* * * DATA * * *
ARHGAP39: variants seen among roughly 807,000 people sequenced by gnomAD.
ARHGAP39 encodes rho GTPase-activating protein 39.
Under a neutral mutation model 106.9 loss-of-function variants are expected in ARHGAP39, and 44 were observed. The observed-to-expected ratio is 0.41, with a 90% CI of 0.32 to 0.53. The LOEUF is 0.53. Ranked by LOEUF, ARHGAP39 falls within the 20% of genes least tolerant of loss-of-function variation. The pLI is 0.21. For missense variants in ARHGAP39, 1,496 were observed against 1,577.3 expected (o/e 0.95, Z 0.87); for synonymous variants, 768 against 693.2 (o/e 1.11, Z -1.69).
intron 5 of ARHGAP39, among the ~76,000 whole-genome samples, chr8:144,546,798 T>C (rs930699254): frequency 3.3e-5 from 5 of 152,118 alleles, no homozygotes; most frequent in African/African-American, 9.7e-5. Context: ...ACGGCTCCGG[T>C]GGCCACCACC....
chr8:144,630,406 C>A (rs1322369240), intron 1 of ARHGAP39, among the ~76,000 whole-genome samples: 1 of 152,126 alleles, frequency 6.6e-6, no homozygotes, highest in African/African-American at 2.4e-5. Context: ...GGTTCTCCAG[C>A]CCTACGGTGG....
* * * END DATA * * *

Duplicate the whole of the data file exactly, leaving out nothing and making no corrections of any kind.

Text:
ARHGAP39: variants seen among roughly 807,000 people sequenced by gnomAD.
ARHGAP39 encodes rho GTPase-activating protein 39.
Under a neutral mutation model 106.9 loss-of-function variants are expected in ARHGAP39, and 44 were observed. The observed-to-expected ratio is 0.41, with a 90% CI of 0.32 to 0.53. The LOEUF is 0.53. Ranked by LOEUF, ARHGAP39 falls within the 20% of genes least tolerant of loss-of-function variation. The pLI is 0.21. For missense variants in ARHGAP39, 1,496 were observed against 1,577.3 expected (o/e 0.95, Z 0.87); for synonymous variants, 768 against 693.2 (o/e 1.11, Z -1.69).
intron 5 of ARHGAP39, among the ~76,000 whole-genome samples, chr8:144,546,798 T>C (rs930699254): frequency 3.3e-5 from 5 of 152,118 alleles, no homozygotes; most frequent in African/African-American, 9.7e-5. Context: ...ACGGCTCCGG[T>C]GGCCACCACC....
chr8:144,630,406 C>A (rs1322369240), intron 1 of ARHGAP39, among the ~76,000 whole-genome samples: 1 of 152,126 alleles, frequency 6.6e-6, no homozygotes, highest in African/African-American at 2.4e-5. Context: ...GGTTCTCCAG[C>A]CCTACGGTGG....